The Spaniards arrived in Philippines via America in 1521.  Using Manila as a transhipment point, goods from China, India and Southeast Asia were assembled and loaded on the galleons which made regular voyages to Acapulco in Mexico, another Colony of Spain.  The Spaniards paid for the goods and taxes with silver from Mexico and Peru. The peak period of trade was between late 16th century to mid 17th century.  

The Dutch was a relative late participant in the spices and ceramics trade.  They started out looking for the riches of the East in 1602.   In the ceramics trade, they lost out to the Portuguese and Spaniards who already established  good connections  and networks.  They only managed to gain official permission to trade through Farmosa (Taiwan) in 1624.  In order to dominate the maritime trade, they repeatedly attacked and looted the ships of the Portuguese/Spaniards and junks of the Chinese.  They were feared and notorious for their atrocities.  The destructive ravages  and the disruptions to trade of the Dutch was one of the factors which subsequently contributed to the decline of Yuegang.  The Dutch finally dominated the maritime trade in  the first half of the 17th century.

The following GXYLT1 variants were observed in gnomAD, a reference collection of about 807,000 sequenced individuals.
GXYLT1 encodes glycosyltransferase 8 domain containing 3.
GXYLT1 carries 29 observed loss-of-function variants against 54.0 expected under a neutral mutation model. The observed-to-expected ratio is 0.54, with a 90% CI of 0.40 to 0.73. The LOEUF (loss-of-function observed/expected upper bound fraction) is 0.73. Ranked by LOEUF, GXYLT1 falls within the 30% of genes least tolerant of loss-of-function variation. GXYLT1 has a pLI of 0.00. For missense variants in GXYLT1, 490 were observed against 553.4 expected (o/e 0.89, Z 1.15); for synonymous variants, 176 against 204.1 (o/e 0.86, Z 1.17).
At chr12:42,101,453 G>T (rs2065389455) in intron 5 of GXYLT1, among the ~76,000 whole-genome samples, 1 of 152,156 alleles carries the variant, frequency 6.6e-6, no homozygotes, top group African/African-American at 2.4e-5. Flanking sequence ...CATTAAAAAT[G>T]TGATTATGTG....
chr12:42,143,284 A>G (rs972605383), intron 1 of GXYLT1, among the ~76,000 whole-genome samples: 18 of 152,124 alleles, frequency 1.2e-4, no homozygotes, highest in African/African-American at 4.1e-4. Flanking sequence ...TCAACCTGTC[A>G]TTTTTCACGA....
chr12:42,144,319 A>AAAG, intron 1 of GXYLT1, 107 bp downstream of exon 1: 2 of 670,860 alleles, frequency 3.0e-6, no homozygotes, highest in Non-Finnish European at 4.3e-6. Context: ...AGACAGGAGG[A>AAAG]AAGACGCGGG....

The Ming court finally realised the futility and difficulties of imposing the ban.  By legalising and officially recognising Yuegang as a port for foreign trade in 1567 A.D, it hoped to curb corruption and smuggling activities.  The revenue generated from tax on foreign trade would also help to maintain the army to fend off the pirates, especially those from Japan.  Yuegang benefited from the new policy and became an important international port of the late Ming period.

The arrival of the European (first the Portuguese, followed by the Spaniard and dutch) created additional overseas markets.  The Jingdezhen potters could no longer meet the ever increasing and insatiable demand.  Zhangzhou, with its bountiful supply of raw materials for ceramics production and ease of transport by rivers, seized the opportunity and became an important production centre.  The Pinghe County annals, which was first compiled in 1545 (Jiajing period), mentioned that the kilns in Nansheng and Guanliao manufactured fine ceramics.  Excavations showed that some kilns started production since Song Dynasty but the number of kilns reached its peak during the late Ming period.  Only a few continued to produce ceramics during the Qing period.